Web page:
Implement deployment stages for optimised execution

date:2017-09-14 12:00
tags:optimise, lifecycle

In order to improve ease of use, optimise execution and provide the ability to make use of pre-built artifacts in deployments this spec proposes the implementation of deployment stages.

Problem description

  • In production environments with many target hosts there are sometimes transient failures that happen. When they happen the deployer is forced to re-execute playbooks which may go through many tasks which are already complete and do not need to be executed again. While a knowledgable deployer will make use of tag skipping and host scoping to reduce the execution time, this is not a skill the novice deployer has. In order to improve ease-of-use it should be possible for the playbooks to simply skip over the stages which have already completed on each host.
  • In production environments it may be desired to make use of a fully artifacted deployment in order to ensures that multiple regions are deployed using exactly the same software. Currently there is no tooling included to facilitate the complete stack of artifacts (apt, git, python, container) that need to be built.
  • Deployments currently do a lot of outgoing internet interaction in order to fetch packages, keys and other artifacts. The outgoing access is often a problem for deployers with a high security environment as the hosts are not able to access the internet directly. This access is also slower than it would be if these artifacts were locally staged before deployment.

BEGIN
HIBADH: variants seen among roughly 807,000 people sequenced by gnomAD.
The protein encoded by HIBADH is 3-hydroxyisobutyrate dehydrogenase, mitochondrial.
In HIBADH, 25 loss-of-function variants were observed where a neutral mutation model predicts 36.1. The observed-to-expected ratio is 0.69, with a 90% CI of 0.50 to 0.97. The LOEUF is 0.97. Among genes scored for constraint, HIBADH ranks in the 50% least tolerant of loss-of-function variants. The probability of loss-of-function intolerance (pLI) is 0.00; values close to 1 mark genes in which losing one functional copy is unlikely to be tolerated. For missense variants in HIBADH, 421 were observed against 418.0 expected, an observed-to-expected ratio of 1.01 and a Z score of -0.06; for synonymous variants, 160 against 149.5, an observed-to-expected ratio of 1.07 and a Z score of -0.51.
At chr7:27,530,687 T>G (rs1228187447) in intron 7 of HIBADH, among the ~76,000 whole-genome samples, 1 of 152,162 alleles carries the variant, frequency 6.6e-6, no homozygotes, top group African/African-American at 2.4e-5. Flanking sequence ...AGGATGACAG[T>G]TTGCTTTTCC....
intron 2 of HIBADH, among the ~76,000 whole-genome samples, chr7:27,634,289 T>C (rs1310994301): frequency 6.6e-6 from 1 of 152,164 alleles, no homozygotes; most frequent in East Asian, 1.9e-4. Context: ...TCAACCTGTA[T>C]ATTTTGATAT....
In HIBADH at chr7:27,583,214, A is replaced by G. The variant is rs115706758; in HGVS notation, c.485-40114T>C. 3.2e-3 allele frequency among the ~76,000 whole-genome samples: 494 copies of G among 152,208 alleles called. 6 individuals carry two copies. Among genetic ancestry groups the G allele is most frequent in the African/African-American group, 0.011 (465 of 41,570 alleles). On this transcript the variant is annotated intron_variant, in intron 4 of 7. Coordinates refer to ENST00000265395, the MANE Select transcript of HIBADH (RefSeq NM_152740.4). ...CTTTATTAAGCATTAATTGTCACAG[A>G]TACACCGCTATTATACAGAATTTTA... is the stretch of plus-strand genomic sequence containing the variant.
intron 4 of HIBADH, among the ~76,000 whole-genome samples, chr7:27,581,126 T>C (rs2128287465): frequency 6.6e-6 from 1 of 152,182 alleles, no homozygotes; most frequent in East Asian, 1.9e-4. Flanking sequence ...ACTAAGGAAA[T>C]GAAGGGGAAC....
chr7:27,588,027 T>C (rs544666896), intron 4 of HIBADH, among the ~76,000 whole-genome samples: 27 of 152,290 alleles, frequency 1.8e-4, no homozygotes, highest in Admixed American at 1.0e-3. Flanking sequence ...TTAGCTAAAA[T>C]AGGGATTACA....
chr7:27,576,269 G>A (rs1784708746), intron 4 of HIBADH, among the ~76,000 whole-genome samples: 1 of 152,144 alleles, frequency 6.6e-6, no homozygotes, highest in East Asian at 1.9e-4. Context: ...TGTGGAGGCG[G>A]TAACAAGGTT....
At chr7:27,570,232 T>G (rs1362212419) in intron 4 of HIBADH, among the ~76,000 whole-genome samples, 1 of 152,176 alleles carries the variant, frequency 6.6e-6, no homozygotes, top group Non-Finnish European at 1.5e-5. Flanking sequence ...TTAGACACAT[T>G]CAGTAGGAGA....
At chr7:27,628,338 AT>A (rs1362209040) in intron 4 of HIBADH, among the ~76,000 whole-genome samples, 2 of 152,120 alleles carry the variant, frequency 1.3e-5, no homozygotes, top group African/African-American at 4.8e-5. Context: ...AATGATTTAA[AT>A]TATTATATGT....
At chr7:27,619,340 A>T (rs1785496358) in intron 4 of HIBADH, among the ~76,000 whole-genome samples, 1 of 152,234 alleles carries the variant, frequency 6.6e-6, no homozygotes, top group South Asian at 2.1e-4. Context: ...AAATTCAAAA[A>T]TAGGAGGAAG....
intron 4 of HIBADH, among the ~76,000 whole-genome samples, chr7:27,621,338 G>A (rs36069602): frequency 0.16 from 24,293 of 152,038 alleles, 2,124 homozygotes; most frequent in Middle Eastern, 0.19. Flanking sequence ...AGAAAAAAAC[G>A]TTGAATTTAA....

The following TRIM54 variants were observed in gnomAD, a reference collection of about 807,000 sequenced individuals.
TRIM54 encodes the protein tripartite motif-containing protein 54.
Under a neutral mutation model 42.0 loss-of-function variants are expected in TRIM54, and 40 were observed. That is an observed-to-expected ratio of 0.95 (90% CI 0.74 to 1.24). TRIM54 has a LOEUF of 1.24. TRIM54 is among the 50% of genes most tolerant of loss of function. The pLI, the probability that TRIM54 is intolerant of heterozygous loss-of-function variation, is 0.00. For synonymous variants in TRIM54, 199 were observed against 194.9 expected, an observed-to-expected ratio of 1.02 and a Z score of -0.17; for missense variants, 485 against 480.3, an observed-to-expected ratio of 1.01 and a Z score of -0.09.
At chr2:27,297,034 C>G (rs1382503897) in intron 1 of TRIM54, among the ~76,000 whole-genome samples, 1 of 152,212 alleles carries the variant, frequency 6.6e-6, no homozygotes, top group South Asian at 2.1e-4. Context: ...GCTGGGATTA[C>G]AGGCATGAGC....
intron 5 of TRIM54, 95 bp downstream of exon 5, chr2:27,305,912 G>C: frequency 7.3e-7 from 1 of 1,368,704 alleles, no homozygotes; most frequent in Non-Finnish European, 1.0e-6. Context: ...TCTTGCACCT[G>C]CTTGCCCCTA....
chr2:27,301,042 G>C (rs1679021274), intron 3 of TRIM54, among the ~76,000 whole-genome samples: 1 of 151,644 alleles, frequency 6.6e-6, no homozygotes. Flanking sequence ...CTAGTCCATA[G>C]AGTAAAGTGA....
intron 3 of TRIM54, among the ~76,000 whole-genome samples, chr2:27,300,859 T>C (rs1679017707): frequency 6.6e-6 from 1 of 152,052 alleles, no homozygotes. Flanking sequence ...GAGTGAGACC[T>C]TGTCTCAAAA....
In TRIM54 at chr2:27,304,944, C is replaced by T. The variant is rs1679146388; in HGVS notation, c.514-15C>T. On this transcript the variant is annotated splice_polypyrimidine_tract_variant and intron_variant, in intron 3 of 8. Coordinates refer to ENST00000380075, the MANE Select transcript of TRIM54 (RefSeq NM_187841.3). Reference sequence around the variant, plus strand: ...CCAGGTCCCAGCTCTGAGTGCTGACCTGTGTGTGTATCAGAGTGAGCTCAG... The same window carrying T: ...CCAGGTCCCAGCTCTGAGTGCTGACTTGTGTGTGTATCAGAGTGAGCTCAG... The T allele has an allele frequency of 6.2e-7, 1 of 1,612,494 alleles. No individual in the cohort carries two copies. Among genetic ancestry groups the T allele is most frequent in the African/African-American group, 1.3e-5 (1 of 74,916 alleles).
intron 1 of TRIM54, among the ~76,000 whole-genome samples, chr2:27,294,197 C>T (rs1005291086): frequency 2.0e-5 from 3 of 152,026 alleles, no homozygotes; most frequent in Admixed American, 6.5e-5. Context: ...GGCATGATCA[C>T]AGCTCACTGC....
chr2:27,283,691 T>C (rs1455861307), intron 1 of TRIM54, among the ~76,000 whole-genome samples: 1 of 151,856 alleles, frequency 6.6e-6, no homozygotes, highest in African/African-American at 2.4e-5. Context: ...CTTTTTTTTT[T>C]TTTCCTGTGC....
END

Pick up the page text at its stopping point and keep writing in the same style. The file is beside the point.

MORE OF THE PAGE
• Deployments currently mix the build of artifacts with their installation and activation. This results in very long deployment times which often exceed maintenance periods available for operations. If the artifact build process could be executed and the artifacts could be staged without operationally impacting a production environment, then these could be executed prior to a maintenance slot and only the final step of implementing changes to use the new artifacts could be done in the maintenance slot.
  • Deployments currently do a lot of staging actions in serial due to the combined install/config tasks in each role. This takes a very long time and is not necessary. If the build and stage tasks are properly split from the configuration changes then the build/stage tasks could be executed in parallel and only the configuration changes executed in serial, significantly speeding up large deployments.

Proposed change

The stages proposed are as follows:

  1. Build: This stage prepares artifacts which are general purpose. This stage could be executed by a CI process in order to prepare the appropriate artifacts and stored on a server to be used across multiple regions. Alternatively it could be executed in-line for a single build (using ‘developer_mode’. Artifact examples include distribution software packages, container rootfs tarballs, python venvs, etc. If not executed in-line, the build process should be executed on any designated host and produce artifacts which can be copied to a web server. There must be a well defined manifest detailing the artifacts produced which can easily be used for a staging process to understand which items to fetch.